The use of prescription data for sales force management and market research

Date of publication: June 15, 1991

Author: Patrick Miller

Abstract:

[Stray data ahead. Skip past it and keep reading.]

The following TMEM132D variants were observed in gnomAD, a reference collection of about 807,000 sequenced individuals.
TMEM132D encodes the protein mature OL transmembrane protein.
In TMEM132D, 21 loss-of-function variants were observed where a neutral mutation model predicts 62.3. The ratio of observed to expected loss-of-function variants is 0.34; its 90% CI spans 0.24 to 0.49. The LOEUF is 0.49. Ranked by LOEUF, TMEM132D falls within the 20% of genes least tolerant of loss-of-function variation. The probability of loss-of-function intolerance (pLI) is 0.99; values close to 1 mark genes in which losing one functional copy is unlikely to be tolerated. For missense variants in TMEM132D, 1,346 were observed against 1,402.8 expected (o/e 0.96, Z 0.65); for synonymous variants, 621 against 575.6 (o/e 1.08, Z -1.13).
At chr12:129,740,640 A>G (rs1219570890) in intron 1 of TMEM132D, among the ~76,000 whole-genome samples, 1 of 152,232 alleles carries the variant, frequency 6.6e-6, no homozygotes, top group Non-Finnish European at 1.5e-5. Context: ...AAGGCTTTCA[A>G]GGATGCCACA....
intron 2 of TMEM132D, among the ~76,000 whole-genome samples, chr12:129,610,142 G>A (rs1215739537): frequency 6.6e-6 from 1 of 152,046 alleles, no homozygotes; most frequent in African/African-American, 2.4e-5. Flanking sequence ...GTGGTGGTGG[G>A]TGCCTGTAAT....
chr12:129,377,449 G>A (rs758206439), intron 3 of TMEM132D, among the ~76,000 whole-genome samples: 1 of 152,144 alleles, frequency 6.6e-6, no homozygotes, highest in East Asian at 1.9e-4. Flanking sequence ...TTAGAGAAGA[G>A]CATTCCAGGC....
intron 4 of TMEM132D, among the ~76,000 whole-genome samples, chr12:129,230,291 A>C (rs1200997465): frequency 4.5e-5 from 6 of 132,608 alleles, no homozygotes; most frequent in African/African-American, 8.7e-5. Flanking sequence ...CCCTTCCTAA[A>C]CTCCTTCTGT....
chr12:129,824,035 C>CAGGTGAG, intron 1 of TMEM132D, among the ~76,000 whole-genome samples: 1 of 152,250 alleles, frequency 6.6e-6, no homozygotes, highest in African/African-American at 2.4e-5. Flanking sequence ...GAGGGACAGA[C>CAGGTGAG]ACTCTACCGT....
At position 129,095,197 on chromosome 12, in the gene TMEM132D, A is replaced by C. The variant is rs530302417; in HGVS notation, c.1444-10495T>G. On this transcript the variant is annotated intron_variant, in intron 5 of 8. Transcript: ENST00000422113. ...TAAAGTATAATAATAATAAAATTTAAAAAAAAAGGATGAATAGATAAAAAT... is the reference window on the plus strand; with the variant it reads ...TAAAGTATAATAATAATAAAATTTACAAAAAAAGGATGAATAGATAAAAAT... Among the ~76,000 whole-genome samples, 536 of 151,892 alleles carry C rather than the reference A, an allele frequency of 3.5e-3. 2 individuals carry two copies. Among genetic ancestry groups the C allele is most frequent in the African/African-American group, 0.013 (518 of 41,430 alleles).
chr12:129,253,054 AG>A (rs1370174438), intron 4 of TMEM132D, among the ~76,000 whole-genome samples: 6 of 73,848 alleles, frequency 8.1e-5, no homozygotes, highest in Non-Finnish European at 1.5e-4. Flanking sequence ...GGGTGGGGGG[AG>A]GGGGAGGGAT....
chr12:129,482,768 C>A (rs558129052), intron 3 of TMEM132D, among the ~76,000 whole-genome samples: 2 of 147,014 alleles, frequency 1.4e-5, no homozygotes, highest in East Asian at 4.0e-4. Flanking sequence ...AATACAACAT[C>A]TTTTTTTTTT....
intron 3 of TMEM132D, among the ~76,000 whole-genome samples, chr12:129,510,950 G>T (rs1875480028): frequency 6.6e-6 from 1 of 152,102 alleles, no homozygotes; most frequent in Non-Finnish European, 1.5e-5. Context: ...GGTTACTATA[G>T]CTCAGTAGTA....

This paper is divided into five sections; the first describes the data, which are collected from retail pharmacies and provide comprehensive information on the prescription drug sales transaction. Prescription characteristics, e.g. amount of drug dispensed, daily dosage regimen, patient cost, etc., and information about the prescribing physician are readily available. The data sample, itself, is a very large one (37% of the population), and is geographically well-distributed. It is capable of providing statistically accurate estimates of product performance, in small areas, on a weekly or monthly basis. The second section places these data in the context of currently available alternatives. These alternatives are inventory measures, and, as such, are confounded by pipeline effects. Although inventory order patterns are related to the brand choices made by physicians, the nature of that relationship, in both time and space, is complex and obscure. For prescriber data, this critical relationship is absolutely clear. The third section discusses the application of these data for sales management. Two applications are considered; managing sales representatives through objective setting and performance evaluation, and managing territories to improve targeting and sales performance. The fourth section describes three applications of these data for market research; promotion research/sales response modelling, brand switching analyses, and examination of prescribing trends in initial therapy starts. Because these data are a direct measure of individual brand selection decisions, they offer an ideal dependent variable for market research investigations. The fifth and final section simply summarizes the most salient points of the preceding sections, and puts forth the conclusion that, for the first time, with the data available from Walsh America - Pharmaceutical Data Services, both sales and marketing can employ a single resource to improve performance.

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